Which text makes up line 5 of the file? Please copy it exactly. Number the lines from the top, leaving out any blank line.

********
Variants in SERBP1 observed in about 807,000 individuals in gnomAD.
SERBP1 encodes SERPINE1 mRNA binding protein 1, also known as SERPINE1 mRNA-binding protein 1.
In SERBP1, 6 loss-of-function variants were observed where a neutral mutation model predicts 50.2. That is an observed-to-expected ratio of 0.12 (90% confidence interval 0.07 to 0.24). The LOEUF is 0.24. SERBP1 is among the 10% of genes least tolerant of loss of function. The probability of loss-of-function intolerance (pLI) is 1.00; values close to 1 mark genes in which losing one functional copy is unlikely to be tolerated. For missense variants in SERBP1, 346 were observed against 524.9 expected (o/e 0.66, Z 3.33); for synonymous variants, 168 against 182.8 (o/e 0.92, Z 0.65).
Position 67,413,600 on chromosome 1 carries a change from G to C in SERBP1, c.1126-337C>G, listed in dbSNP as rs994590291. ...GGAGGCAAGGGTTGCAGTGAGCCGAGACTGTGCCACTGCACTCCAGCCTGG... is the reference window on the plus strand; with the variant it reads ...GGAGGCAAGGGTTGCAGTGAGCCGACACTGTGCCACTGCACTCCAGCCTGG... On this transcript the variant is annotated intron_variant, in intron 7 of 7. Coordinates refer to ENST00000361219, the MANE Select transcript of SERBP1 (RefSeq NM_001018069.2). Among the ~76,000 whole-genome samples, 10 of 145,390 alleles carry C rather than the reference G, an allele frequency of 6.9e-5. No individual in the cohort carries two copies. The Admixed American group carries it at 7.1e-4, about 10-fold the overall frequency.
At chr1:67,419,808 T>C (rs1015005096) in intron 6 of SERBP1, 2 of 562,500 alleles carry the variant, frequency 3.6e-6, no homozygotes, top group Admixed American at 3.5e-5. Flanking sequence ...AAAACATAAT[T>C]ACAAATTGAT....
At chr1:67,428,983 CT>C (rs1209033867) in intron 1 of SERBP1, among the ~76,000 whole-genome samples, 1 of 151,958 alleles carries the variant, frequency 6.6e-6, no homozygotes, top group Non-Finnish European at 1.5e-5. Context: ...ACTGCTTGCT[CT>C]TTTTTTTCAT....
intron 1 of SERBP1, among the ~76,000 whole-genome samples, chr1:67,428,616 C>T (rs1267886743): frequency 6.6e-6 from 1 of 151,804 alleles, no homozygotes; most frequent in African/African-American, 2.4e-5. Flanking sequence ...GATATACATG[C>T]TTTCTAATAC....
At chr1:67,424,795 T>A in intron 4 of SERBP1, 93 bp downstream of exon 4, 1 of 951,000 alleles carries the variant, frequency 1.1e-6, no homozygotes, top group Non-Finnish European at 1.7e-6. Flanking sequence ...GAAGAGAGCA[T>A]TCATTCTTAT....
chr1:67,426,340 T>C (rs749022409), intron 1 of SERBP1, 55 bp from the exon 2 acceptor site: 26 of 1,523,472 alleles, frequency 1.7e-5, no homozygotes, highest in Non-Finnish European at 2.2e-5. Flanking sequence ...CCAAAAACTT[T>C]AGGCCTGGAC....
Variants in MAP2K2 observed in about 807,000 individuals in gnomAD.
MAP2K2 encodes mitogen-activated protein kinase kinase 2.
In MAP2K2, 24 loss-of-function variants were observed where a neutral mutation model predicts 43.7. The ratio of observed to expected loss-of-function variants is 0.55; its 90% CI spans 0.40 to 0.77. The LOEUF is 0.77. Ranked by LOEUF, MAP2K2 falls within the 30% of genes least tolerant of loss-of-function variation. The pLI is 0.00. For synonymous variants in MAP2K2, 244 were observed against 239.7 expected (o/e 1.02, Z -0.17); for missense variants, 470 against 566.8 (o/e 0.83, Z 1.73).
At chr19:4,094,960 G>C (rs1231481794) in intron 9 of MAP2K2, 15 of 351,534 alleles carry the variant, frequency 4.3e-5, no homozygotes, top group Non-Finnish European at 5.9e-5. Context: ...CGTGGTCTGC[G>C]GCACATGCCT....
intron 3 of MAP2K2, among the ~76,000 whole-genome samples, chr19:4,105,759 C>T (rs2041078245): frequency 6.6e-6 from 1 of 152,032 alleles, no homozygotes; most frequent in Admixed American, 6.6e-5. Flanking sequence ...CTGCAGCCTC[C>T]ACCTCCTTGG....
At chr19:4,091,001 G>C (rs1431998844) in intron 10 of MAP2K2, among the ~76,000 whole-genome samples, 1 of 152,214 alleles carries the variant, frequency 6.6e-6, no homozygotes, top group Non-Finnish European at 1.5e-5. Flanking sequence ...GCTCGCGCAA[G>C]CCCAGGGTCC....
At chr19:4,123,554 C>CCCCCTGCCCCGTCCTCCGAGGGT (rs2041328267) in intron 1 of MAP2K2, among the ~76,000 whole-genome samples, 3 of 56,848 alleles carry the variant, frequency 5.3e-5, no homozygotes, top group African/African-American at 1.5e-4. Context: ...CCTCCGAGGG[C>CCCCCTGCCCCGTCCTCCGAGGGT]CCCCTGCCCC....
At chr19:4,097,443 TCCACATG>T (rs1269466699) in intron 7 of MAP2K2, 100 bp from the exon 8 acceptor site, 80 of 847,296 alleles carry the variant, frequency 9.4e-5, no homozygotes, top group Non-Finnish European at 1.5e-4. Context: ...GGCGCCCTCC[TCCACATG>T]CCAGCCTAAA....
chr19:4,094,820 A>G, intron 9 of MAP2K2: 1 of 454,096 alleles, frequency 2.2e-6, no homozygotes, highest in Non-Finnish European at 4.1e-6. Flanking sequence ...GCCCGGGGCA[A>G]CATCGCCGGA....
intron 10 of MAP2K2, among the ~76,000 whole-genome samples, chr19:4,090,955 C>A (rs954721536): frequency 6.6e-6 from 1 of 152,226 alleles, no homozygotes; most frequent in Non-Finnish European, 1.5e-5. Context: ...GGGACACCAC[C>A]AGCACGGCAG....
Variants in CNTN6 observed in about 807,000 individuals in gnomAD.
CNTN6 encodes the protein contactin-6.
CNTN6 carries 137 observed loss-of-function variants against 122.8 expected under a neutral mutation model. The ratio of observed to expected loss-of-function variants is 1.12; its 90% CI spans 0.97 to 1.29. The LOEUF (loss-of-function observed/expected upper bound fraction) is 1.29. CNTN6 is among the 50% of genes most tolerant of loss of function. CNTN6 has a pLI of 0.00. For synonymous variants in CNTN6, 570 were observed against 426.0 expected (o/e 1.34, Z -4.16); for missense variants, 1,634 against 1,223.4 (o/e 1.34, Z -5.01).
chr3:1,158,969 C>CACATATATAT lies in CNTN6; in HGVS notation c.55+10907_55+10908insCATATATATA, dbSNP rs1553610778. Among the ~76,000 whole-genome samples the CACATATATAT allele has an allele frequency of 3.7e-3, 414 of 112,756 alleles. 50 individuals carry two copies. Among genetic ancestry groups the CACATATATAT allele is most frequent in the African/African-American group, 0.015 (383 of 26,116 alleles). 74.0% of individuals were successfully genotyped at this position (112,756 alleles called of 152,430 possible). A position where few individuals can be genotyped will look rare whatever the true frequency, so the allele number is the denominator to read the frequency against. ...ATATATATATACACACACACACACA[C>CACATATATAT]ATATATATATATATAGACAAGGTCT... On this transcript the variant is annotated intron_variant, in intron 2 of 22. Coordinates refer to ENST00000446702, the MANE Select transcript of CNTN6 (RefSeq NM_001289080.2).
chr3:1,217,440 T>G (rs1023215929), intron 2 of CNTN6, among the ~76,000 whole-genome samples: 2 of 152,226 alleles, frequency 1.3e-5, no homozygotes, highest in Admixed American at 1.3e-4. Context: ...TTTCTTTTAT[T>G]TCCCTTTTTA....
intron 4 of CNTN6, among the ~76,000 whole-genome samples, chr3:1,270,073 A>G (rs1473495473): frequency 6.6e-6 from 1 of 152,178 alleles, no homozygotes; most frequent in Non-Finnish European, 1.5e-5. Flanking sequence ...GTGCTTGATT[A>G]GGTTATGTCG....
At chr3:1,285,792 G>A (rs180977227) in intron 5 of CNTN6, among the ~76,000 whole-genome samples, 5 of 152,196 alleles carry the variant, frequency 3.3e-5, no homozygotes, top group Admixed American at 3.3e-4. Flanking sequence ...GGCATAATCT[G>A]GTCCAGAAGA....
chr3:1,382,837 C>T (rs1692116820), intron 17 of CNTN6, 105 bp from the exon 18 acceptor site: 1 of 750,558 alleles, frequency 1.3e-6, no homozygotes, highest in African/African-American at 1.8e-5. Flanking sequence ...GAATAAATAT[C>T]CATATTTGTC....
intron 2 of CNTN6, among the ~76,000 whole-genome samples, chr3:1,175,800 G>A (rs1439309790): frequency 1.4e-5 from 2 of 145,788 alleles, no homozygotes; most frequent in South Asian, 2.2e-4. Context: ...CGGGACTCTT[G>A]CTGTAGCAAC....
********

At chr1:67,419,808 T>C (rs1015005096) in intron 6 of SERBP1, 2 of 562,500 alleles carry the variant, frequency 3.6e-6, no homozygotes, top group Admixed American at 3.5e-5. Flanking sequence ...AAAACATAAT[T>C]ACAAATTGAT....